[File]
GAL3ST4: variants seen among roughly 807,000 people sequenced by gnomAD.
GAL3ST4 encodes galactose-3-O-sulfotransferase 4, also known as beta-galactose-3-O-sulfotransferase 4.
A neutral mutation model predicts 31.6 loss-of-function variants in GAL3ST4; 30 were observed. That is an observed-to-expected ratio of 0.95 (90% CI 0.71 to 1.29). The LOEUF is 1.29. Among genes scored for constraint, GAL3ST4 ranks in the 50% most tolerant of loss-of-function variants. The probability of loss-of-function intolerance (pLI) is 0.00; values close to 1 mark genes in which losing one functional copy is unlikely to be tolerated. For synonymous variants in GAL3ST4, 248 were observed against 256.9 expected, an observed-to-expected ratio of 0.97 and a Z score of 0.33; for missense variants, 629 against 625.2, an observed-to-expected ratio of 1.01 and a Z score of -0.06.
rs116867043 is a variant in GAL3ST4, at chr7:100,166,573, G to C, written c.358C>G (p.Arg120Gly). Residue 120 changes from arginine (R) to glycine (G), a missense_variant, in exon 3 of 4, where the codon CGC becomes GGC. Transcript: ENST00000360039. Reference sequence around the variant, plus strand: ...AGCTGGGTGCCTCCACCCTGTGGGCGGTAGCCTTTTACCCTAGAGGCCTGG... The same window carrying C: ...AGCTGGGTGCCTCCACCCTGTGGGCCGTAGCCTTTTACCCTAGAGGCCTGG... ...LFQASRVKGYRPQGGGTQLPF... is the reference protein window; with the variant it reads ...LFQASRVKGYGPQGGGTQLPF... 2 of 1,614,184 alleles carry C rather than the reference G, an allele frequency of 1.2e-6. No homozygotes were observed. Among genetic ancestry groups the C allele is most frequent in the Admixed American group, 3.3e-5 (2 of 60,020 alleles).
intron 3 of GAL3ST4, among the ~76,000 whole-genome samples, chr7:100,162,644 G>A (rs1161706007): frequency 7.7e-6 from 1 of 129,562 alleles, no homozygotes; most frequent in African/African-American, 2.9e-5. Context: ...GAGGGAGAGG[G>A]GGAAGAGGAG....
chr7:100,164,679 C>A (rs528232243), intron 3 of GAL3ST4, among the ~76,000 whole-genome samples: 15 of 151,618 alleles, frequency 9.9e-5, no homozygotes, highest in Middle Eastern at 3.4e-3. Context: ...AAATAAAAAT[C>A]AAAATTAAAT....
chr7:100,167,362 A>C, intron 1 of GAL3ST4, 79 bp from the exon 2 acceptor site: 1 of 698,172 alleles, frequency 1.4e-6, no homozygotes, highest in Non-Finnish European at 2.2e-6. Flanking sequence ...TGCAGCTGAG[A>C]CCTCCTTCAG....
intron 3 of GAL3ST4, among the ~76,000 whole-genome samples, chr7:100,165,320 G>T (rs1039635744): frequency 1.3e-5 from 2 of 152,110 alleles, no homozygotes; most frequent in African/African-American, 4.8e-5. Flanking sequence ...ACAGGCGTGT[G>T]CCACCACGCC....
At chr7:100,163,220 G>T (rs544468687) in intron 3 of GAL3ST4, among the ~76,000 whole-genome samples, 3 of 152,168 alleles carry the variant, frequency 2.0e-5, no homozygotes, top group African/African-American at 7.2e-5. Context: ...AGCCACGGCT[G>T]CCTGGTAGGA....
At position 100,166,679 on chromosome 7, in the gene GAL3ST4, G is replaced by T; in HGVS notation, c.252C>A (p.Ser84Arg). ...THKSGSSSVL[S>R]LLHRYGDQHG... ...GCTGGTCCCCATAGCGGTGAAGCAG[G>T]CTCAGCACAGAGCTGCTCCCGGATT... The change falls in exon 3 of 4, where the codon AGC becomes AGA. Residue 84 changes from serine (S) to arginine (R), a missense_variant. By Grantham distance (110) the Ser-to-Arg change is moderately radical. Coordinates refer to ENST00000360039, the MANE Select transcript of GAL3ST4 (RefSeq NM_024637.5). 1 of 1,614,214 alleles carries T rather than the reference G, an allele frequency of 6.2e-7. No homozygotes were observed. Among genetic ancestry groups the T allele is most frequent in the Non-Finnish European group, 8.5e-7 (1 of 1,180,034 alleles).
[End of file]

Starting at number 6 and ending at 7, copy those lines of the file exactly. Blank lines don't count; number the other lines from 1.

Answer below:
chr7:100,164,679 C>A (rs528232243), intron 3 of GAL3ST4, among the ~76,000 whole-genome samples: 15 of 151,618 alleles, frequency 9.9e-5, no homozygotes, highest in Middle Eastern at 3.4e-3. Context: ...AAATAAAAAT[C>A]AAAATTAAAT....
chr7:100,167,362 A>C, intron 1 of GAL3ST4, 79 bp from the exon 2 acceptor site: 1 of 698,172 alleles, frequency 1.4e-6, no homozygotes, highest in Non-Finnish European at 2.2e-6. Flanking sequence ...TGCAGCTGAG[A>C]CCTCCTTCAG....